Generally, an information technology repository (or repo) is a centralized place where data is stored and maintained in an organized way, typically in computer storage. A repository can serve different functions. It can be directly accessible to users without having to travel across a network, or it can be a place in which specific databases, files, or documents are stored for access or distribution. A repository can be the aggregation of the data itself into an accessible place of storage, or it could allow for selective extraction of data.
In this definition...
How is the term used?
Repository is a broad term that can be used to describe various ways to collect and store data, including:
- Database: a collection of information organized in such a way that a computer program can quickly select desired pieces of data.
- Data warehouse: A large data repository that aggregates data from multiple sources or segments of a business.
- Data lake: A large data repository that stores unstructured data that is classified and tagged with metadata.
- Data mart: subsets of a data repository. These are typically smaller and focused on a particular area or department.
- Data cube: Lists of data with three or more dimensions stored as a table.
A software repo is a storage location for software packages, where things such as a table of contents, source code, and metadata are located. Within an enterprise, a software repository is used to store artifacts or mirror external repositories that may otherwise be unavailable due to security restrictions.
A software repository can provide additional functionality such as access control, versioning, security checks for uploaded software, and cluster functionality. It typically supports a variety of formats in order to provide a single source of truth. There are also built-in security features such as anti-malware design and an authentication system to protect users. In theory, a genuine user should be able to log into a safe environment, find specific software or code resources, and get them for interacting with the software system as a whole.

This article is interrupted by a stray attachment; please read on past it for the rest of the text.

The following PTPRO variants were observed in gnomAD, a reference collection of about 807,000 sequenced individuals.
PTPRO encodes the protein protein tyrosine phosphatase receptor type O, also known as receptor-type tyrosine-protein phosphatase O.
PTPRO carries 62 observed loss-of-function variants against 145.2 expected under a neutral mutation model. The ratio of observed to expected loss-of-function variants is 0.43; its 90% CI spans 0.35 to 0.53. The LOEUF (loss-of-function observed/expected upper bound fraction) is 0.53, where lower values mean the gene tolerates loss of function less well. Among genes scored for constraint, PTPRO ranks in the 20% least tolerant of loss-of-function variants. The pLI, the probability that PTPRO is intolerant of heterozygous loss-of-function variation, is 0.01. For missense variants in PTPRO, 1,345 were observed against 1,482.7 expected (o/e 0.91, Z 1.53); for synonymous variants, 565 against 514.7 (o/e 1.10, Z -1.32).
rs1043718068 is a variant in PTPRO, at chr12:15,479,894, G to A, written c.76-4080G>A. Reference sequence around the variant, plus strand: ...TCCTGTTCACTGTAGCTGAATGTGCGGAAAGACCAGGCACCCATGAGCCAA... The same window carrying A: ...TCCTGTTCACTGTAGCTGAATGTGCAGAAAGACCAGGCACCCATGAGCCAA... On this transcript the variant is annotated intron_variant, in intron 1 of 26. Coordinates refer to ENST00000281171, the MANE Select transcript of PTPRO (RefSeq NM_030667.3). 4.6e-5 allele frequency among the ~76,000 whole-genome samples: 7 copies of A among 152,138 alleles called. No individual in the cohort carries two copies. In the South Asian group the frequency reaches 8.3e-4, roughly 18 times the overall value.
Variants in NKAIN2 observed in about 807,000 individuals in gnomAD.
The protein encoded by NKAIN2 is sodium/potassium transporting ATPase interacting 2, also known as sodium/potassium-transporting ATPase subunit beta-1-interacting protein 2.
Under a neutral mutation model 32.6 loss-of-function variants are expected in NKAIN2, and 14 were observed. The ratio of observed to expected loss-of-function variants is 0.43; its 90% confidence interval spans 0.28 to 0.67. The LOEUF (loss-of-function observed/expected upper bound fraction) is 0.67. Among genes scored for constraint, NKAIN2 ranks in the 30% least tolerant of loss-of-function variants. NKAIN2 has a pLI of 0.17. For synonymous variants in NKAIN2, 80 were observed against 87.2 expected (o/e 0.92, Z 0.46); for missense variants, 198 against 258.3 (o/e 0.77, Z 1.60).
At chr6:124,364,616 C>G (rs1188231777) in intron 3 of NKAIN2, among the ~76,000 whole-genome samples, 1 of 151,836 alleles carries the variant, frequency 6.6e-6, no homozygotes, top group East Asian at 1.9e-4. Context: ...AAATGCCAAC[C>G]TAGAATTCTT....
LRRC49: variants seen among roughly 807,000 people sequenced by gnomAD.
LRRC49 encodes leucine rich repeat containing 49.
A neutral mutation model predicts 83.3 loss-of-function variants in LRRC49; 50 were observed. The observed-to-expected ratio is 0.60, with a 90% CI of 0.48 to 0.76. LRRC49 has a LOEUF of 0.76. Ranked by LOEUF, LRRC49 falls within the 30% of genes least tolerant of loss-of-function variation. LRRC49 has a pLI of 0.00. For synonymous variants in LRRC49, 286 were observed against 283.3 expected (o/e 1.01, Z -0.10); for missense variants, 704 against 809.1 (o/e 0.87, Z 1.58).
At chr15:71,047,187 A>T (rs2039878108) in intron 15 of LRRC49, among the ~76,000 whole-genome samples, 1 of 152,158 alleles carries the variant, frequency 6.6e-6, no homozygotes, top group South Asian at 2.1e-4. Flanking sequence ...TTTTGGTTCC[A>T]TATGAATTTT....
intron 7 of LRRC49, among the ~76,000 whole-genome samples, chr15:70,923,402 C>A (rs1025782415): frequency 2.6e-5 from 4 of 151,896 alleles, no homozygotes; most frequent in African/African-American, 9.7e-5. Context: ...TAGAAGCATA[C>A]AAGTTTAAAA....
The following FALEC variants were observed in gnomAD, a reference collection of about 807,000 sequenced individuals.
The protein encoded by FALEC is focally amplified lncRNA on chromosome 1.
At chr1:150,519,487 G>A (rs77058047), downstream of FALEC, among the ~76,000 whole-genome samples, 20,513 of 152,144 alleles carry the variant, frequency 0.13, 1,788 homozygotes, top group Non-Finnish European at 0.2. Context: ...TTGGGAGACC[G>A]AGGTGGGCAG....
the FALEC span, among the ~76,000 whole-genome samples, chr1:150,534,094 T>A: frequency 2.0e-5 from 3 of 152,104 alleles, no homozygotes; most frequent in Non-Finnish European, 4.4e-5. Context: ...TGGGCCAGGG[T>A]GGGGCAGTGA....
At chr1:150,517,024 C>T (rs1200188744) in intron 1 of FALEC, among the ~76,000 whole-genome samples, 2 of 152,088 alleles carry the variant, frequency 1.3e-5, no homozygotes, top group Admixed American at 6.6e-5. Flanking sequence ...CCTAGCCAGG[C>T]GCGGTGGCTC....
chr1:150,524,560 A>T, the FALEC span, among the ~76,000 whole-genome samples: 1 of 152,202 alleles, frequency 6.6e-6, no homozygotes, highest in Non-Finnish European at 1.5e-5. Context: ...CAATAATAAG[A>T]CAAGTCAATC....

What is the need for repositories?
Using data repos is a great way to consolidate data that is critical to operations. This allows for quick access to data for fast-track decision-making. It also helps streamline reporting and analysis.
Debugging and Testing
Repositories can make code testing and debugging easier, as they allow users to query or add data from the database to the application without needing to hard-code that dependency into the code.
Version Control and Comparison
A repository can be used in version control systems to store metadata for directory structure or a set of files. The repo can be used to duplicate the whole set of information on every user’s system, or it can be used to maintain the data on a single service. A repo can also be used to compare versions as it stores a history of changes made to the stored data.
Types of data repositories
Content Repository: A content repo is a database of digital content, such as documents, digital assets, images, video, audio, and more. A well-known example of a content repository is a content management system (CMS) stored on file servers.
Disciplinary Repository: A disciplinary repo contains data related to a particular subject area. It often includes work from academic scholars who specialize in that subject area. A disciplinary repository accepts work from scholars that contain data or work associated with that particular subject matter.
Information repository: Information repos can have a broader meaning; however, relating to IT, it refers to a digital space that keeps and maintains data in an organized way.
Institutional Repository: A repo that contains an archive of digital copies of the intellectual output of an institution is known as an institutional repository. It is most commonly used for a research institution.
Software Repository: A software repo is a digital space where data can be retrieved from. There are different forms of software repositories, such as source code repository or package repository.
Top Repository Software
Software as a Service (SaaS) Repository Software:
- GitHub: A code hosting platform, GitHub is most suited for version control and collaboration
- Bitbucket: A type of source code repo offering free and commercial accounts
- Assembla: A web-based version for version control and source code management software
Repository Management Software
- Apache Archiva: A type of extendible repository management system used to manage personal or enterprise-level repositories
- Package Drone: A free and open-source software repo by Eclipse Foundation
- ProGet: A repository management system to host and manage applications, components, and packages
This definition was updated in January 2022 by Ali Azhar.